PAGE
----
CORONAVIRUS

First Week Of Online Learning In Utah Comes With Challenges

Mar 20, 2020, 8:35 PM | Updated: 8:39 pm

SARATOGA SPRINGS, Utah — Parents and students across Utah reported some bumps and technical glitches this week after school districts statewide made the transition to online learning.

Following the two-week soft closure order issued by Governor Gary Herbert, all districts made the move to online learning to help slow the spread of COVID-19.

There are 86,000 students in the Alpine School District, and every family has a unique situation trying to keep their children educated.

At the LaTessa home in Saratoga Springs, the living room is now the classroom.

“It just doesn’t quite feel like a healthy routine yet,” said mother Kim LaTessa. “It kind of feels like we’re on school break but we’re not.”

LaTessa is now a part-time school teacher for her two children.

“I’m not very much help with my son’s Spanish classes,” she said. “Yeah, I don’t speak any Spanish.”

Foreign language lessons aside, districts statewide have been seeing technical glitches and slow connections adding to the headache of online learning.

In the Alpine School District, almost 12,000 Chromebook laptops were sent home to students.

“With so many people getting online, it’s obviously going to burden the system,” said David Stephenson with the Alpine School District.

Stephenson said a content filtering issue beginning Wednesday seized up schoolwork or kicked some students out of virtual classrooms altogether. He said adjustments have been made things have improved.

“Considering all we’re dealing with and all we’ve been through, we’re happy with where we are at this point,” he said.

Teachers have been taking it in stride and taking every opportunity they can to connect with students.

“It’s been so heartwarming to see how hard the teachers are working and to see all the positive videos and messages out there,” Stephenson said.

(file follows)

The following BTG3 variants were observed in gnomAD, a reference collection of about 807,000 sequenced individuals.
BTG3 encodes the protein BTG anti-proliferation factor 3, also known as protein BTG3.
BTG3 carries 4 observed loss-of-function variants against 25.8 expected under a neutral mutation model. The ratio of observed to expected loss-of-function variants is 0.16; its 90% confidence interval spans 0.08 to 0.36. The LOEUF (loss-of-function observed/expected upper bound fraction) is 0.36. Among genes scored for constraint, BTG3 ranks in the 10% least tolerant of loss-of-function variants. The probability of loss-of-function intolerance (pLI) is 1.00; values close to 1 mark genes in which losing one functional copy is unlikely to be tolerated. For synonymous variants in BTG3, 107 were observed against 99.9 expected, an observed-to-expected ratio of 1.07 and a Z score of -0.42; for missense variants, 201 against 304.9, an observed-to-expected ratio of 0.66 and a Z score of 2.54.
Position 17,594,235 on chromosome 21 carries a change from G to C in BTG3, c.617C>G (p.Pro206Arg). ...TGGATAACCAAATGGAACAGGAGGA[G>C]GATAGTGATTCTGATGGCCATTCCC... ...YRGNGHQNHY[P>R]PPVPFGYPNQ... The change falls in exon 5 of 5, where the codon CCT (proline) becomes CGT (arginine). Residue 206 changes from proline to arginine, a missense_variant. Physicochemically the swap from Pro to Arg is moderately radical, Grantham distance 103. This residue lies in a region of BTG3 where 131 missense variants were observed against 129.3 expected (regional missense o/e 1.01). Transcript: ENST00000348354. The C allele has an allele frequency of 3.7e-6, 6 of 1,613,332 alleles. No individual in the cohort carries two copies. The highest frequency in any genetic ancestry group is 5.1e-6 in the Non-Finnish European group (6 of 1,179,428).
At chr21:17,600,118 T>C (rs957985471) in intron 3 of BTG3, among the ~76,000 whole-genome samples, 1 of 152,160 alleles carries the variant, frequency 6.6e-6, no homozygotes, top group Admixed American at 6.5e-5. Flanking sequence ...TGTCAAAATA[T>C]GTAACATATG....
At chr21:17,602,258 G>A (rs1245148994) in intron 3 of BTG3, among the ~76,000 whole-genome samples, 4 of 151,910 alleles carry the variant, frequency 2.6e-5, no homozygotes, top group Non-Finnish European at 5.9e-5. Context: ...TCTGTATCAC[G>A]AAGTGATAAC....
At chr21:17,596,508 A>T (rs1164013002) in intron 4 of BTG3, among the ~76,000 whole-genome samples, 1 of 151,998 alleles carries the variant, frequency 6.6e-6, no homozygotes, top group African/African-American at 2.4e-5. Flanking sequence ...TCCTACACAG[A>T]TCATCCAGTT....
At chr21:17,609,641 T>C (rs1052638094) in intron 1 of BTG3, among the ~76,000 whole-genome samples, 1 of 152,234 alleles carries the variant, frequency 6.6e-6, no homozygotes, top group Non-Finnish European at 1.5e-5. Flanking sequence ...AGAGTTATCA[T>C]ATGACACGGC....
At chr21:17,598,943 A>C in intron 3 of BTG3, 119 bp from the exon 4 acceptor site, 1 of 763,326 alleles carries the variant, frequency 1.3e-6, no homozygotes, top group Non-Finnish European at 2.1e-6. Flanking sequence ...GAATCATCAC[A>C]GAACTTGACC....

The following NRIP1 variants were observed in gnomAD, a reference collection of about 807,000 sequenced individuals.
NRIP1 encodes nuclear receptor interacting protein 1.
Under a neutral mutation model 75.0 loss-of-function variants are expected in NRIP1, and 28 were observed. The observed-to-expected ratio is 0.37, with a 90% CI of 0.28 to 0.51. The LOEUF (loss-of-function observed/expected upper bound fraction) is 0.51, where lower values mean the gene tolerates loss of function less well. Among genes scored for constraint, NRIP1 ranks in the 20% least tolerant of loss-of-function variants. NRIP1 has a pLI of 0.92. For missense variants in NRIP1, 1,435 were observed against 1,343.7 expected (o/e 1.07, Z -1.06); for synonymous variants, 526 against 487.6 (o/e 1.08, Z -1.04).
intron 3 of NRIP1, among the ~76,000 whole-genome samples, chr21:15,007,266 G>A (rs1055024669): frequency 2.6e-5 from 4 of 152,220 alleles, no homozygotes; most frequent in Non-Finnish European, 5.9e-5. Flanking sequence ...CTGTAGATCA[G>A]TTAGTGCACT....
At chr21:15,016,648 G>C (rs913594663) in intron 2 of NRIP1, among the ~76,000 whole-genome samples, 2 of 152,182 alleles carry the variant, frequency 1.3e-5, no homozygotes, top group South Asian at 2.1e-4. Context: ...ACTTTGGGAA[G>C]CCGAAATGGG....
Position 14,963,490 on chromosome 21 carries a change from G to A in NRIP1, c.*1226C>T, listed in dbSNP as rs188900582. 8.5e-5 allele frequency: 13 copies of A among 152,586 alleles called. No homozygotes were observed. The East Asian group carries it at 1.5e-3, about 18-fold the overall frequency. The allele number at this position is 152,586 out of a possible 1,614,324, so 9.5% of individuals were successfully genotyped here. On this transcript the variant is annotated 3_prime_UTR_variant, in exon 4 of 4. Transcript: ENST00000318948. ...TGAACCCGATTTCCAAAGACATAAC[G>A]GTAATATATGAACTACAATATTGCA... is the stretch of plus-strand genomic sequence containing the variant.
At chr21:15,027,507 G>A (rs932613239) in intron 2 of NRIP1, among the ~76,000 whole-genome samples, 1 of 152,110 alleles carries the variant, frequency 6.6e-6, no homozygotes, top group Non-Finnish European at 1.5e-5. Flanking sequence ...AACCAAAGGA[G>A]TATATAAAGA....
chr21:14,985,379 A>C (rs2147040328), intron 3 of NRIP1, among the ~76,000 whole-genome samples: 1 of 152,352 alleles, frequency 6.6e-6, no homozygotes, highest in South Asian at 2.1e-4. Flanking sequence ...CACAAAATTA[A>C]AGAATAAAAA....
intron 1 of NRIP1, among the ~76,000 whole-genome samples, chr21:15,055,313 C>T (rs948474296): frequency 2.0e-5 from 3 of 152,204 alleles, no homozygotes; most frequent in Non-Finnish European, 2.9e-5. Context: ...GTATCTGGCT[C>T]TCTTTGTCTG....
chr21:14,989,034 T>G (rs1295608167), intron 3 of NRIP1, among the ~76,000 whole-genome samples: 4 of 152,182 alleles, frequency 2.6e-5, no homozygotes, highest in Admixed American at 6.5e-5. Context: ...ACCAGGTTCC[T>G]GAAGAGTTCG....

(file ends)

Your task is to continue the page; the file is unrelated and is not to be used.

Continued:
However, things are still a little stressful for parents attempting to lead the schoolwork from home.

“I can tell my son is getting really frustrated with me but we are just kind of taking it one day at a time,” LaTessa said.

Homework with her children isn’t her only assignment.

“The school stuff is easier than my real job at the moment,” she said.

In addition to trying to figure out her son’s Spanish homework, she’s also a full-time medical professional.

“At this point, it’s kind of all hands on deck,” she said. “I’m actually on the front-line testing people for COVID-19,” she said.

LaTessa is administering some of the toughest tests of all for a growing number of people in our state.

“If you told me a year ago that this is what I’d be doing I never would have believed you,” she said.

KSL reached out to parents who have homeschooled their children for years. A large number reported that keeping a strict schedule is key and said developing more patience happens over time and it does get easier.


Coronavirus Resources

How Do I Prevent It?

The CDC has some simple recommendations, most of which are the same for preventing other respiratory illnesses or the flu:

  • Avoid close contact with people who may be sick
  • Avoid touching your face
  • Stay home when you are sick
  • Cover your cough or sneeze with a tissue and then throw the tissue in the trash
  • Wash your hands often with soap and water for at least 20 seconds, especially after going to the bathroom, before eating, and after blowing your nose, coughing or sneezing. Always wash your hands with soap and water if your hands are visibly dirty.
  • If soap and water are not readily available, use an alcohol-based hand sanitizer with at least 60% alcohol.

The CDC does not recommend wearing a face mask respirator to protect yourself from coronavirus unless a healthcare professional recommends it.

How To Get Help

If you’re worried you may have COVID-19, you can contact the Utah Coronavirus Information Line at 1-800-456-7707 to speak to trained healthcare professionals. You can also use telehealth services through your healthcare providers.

Additional Resources

If you see evidence of PRICE GOUGING, the Utah Attorney General’s Office wants you to report it. Common items in question include toilet paper, water, hand sanitizer, certain household cleaners, and even cold medicine and baby formula. Authorities are asking anyone who sees price gouging to report it to the Utah Division of Consumer Protection at 801-530-6601 or 800-721-7233. The division can also be reached by email at consumerprotection@utah.gov.

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First Week Of Online Learning In Utah Comes With Challenges